On its corner of Santa Monica Blvd in West Los Angeles, Qusqo Bistro & Gallery exudes Peruvian vibrance with a colorfully patterned facade and loveably decorative llamas. It’s a cultural vibe that echoes across the restaurant’s design and its wholesome menu.
For over 10 years, owner Lucy Haro has cultivated Qusqo to live up to its meaning in the Quechua language of the Incas as the “belly of the world.” To serve as a center of nourishment, Qusqo offers healthy Latin food, including many vegan and gluten-free options. Having spent many years with family in Peru, Lucy was heavily inspired by the area now commonly spelled Cusco. “When you’re in that city, the energy is so good there,” she described. “It really does nourish your soul.”
Qusqo Bistro harnesses the nutrition of corn, potatoes, quinoa, and rice—staples that are at the heart of Peruvian cuisine. The reverence that the ancient Incas held toward such agricultural crops carries an implied sentiment that Lucy shares: “They really believed that they were awakening your soul with whatever you ate.”
A fitting introduction into the Peruvian food experience might begin with a glass of chicha, a purple corn juice customarily offered to welcome guests. Served in a long-stemmed glass, this organic wine-colored elixir is a non-alcoholic juice brewed in-house with apples, pineapples, and spices, giving it the tartness of fruit tea.
“Chicha is healthy because of all the antioxidants,” Lucy said. “It speeds up your metabolism and helps with circulation because of the cinnamon and cloves.”
During weekday and Saturday happy hours (5:30-7:30pm), you can pair your chicha or bar beverage with a selection of bites that offer more nutrition than typical bar food. Qusqo’s vegan happy hour menu includes five hearty plant-based dishes for $5 each: guacamole with plantain chips, cauliflower chicharrón, fried yucca, sauteed sweet plantains, and causa limeña (potato puree layered with vegetables).
Though these items are also on the regular menu, the happy hour specials are Lucy’s way of highlighting more veggies in response to shifting tastes. “Many customers who order from the vegan menu are not vegan, but are people looking to add more vegetables to their diets.”
The full dining menu is also organized to easily cater to different dietary preferences, grouping together sections for vegan, vegetarian, pescatarian, and meat dishes. It’s a structure that reflects Qusqo’s regular customer base of health-conscious athletes, coaches, and fitness enthusiasts, many of whom Lucy came to know through her own practice in martial arts. They appreciate Peruvian food for being lean on fat and grease, but packed with energy and fierce on flavor.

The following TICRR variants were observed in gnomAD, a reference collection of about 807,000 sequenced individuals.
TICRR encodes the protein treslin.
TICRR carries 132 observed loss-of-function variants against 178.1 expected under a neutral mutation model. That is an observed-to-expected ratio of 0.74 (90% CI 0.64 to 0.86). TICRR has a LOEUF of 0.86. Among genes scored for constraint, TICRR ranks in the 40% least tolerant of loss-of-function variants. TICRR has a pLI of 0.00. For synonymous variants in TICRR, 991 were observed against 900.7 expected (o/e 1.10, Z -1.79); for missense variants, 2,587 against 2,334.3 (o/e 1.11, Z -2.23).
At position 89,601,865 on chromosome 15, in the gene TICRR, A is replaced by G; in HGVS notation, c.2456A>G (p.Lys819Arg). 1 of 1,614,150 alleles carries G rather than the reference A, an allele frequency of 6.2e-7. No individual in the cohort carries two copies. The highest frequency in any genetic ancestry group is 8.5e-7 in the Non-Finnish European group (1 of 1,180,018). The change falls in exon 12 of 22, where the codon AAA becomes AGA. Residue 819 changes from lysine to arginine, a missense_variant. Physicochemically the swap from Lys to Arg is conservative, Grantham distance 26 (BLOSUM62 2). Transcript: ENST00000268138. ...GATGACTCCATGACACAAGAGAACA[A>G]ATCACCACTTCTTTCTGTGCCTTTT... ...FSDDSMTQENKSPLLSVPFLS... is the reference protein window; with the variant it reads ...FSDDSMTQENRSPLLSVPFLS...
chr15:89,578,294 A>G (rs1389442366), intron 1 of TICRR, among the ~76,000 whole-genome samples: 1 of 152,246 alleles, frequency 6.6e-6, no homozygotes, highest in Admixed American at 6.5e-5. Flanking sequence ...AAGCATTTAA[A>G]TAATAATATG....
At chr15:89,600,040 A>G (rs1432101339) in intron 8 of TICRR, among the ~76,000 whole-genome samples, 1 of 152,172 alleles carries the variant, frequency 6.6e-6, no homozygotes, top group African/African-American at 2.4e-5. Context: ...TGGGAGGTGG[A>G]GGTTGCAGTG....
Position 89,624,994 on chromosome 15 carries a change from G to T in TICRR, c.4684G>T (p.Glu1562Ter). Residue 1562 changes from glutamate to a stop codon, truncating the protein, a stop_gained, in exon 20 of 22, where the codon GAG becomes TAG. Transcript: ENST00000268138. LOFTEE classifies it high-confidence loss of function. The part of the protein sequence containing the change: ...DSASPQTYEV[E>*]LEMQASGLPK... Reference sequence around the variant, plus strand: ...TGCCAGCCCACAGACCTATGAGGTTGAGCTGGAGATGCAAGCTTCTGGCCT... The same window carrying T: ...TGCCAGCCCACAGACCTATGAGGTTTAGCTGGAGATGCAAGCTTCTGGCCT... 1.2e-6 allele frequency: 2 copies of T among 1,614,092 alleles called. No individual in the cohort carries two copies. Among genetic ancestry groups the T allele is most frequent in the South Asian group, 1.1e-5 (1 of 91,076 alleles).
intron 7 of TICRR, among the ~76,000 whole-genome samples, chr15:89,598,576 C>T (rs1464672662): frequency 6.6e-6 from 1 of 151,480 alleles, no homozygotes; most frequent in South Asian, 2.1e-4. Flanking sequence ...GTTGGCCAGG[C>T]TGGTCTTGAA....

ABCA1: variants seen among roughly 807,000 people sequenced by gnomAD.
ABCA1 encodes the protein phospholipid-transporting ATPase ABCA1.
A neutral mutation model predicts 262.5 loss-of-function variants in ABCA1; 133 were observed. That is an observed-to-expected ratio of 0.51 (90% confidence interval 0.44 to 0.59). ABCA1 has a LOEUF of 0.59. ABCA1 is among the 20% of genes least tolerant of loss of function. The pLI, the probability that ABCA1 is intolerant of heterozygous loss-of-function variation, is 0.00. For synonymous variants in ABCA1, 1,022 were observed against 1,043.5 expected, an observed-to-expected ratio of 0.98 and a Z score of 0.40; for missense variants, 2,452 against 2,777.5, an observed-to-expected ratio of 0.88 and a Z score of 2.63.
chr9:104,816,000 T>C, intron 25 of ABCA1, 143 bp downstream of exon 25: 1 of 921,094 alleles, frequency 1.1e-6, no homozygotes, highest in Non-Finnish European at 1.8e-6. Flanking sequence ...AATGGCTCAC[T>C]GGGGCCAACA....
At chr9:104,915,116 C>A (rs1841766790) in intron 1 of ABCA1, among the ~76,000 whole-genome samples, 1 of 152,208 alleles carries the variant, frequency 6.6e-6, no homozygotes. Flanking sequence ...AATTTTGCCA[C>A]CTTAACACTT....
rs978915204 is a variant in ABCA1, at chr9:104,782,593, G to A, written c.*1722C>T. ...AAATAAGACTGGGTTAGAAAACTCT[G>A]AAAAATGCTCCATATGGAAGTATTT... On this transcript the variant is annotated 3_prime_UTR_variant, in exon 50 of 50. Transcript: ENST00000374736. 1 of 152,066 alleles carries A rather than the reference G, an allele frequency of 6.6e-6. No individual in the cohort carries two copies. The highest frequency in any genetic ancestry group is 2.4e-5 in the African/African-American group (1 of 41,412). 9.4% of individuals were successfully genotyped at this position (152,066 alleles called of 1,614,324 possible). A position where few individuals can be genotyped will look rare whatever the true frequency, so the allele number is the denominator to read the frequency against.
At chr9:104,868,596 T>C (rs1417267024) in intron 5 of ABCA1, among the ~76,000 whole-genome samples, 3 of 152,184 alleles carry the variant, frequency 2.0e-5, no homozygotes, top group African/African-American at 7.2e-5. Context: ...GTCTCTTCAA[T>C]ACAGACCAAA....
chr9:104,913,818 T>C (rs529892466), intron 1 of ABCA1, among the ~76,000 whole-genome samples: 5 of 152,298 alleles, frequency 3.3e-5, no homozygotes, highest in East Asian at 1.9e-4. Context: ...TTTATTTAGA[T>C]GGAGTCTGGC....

“A lot of them eat my food because it’s very healthy and tasty. Every dish and every sauce has a lot of vegetables and herbs,” she said. “Our food is pretty filling, so they’re not feeling like they sacrifice.”
Throughout the menu, each dietary section shares several dishes in common. Ensalada Quinoa is a protein-packed quinoa salad with chopped vegetables that can include fish, steak or chicken. Likewise, the Tallarin Saltado (sauteed noodles) and the Arroz Chaufa (Peruvian fried rice) come in veggie and meat varieties. And of course, Qusqo offers Lomo Saltado, a traditional Peruvian stir-fry of steak and french fries served with rice. Variations are also available with vegetables, seafood, or chicken. The combination of carbs in these Saltado dishes offers nutrient-dense sustenance that’s particularly popular among Qusqo’s athletic patrons.
“Potatoes and rice aren’t bad for you,” Lucy noted. “It just depends on when you eat it and how much of it you eat.”
Several eye-catching small plate dishes may also pique your interest. Choclo con Queso is a vegetarian dish of jumbo-sized Peruvian corn kernels with cheese sauce. The Papa a la Huancaína is steamed potatoes covered with a cheese sauce made with queso fresco, garlic, and aji chilis. The Palta Rellena stuffs a mix of quinoa and colorful grilled vegetables into two halves of an avocado.
Perhaps most memorably, the Ceviche is a sizable serving of fish soaking in citrus juice in a tall, hefty margarita glass. The selection of fish rotates depending on which is the freshest. A plate below the glass is garnished with cancha, which are toasted corn kernels. These puffy wonders have been called unpopped popcorn, because when heated on a skillet, they pop when the kernels turn crunchy, but they don’t burst into white puffs. Qusqo gets such hard-to-find ingredients from a Peruvian distributor of specialty foods and sources produce from farmers markets in Santa Monica and West LA.
Having been born in East LA and raised in both Peru and Los Angeles, the food of both cultures has always been central to Lucy’s life. She remembers soup, salad, and vegetable dishes as mainstays on the family table, and she still prioritizes vegetables in her diet. “I’ve always wanted people to know Peruvian food and how healthy it is,” she said. “By having a restaurant, I created my own community, and I love seeing people connect here.”
Expanding upon its community vibe, Qusqo Bistro doubles as welcoming gallery space for art and events. Works of local art regularly rotate on display across the walls. Even the complex Quechua designs on the tables were handpainted by local artist Celeste Korthase. Lucy also actively hosts classes, workshops, lectures, performances, and silent movie screenings. Some events at Qusqo are Peruvian themed and some are not, but healthy living principles are what these groups have in common.
“We’ve been supported by the local community. That’s why we’re here,” Lucy said. “So, I feel like we’ve been a hidden gem this whole time.”
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